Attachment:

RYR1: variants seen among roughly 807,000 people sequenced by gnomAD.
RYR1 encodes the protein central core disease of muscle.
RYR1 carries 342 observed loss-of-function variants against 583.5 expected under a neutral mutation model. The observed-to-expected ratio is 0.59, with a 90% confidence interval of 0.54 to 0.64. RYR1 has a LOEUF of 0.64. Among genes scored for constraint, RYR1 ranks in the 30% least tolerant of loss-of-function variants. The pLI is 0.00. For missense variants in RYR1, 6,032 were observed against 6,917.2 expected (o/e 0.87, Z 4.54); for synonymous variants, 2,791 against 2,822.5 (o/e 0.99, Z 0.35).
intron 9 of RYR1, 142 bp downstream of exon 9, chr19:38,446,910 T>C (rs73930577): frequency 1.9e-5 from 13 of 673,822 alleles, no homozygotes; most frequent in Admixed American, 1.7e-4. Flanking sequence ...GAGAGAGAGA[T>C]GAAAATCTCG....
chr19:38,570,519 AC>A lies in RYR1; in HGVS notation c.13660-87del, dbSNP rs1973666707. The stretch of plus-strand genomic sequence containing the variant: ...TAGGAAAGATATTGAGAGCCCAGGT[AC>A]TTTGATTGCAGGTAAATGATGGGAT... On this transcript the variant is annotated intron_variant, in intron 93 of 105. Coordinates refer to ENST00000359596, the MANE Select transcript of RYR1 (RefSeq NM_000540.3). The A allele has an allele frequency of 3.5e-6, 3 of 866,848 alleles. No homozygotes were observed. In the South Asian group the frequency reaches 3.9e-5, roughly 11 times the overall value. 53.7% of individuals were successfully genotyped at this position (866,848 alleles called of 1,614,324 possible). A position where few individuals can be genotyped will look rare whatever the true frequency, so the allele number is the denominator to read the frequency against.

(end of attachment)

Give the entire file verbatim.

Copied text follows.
RYR1: variants seen among roughly 807,000 people sequenced by gnomAD.
RYR1 encodes the protein central core disease of muscle.
RYR1 carries 342 observed loss-of-function variants against 583.5 expected under a neutral mutation model. The observed-to-expected ratio is 0.59, with a 90% confidence interval of 0.54 to 0.64. RYR1 has a LOEUF of 0.64. Among genes scored for constraint, RYR1 ranks in the 30% least tolerant of loss-of-function variants. The pLI is 0.00. For missense variants in RYR1, 6,032 were observed against 6,917.2 expected (o/e 0.87, Z 4.54); for synonymous variants, 2,791 against 2,822.5 (o/e 0.99, Z 0.35).
intron 9 of RYR1, 142 bp downstream of exon 9, chr19:38,446,910 T>C (rs73930577): frequency 1.9e-5 from 13 of 673,822 alleles, no homozygotes; most frequent in Admixed American, 1.7e-4. Flanking sequence ...GAGAGAGAGA[T>C]GAAAATCTCG....
chr19:38,570,519 AC>A lies in RYR1; in HGVS notation c.13660-87del, dbSNP rs1973666707. The stretch of plus-strand genomic sequence containing the variant: ...TAGGAAAGATATTGAGAGCCCAGGT[AC>A]TTTGATTGCAGGTAAATGATGGGAT... On this transcript the variant is annotated intron_variant, in intron 93 of 105. Coordinates refer to ENST00000359596, the MANE Select transcript of RYR1 (RefSeq NM_000540.3). The A allele has an allele frequency of 3.5e-6, 3 of 866,848 alleles. No homozygotes were observed. In the South Asian group the frequency reaches 3.9e-5, roughly 11 times the overall value. 53.7% of individuals were successfully genotyped at this position (866,848 alleles called of 1,614,324 possible). A position where few individuals can be genotyped will look rare whatever the true frequency, so the allele number is the denominator to read the frequency against.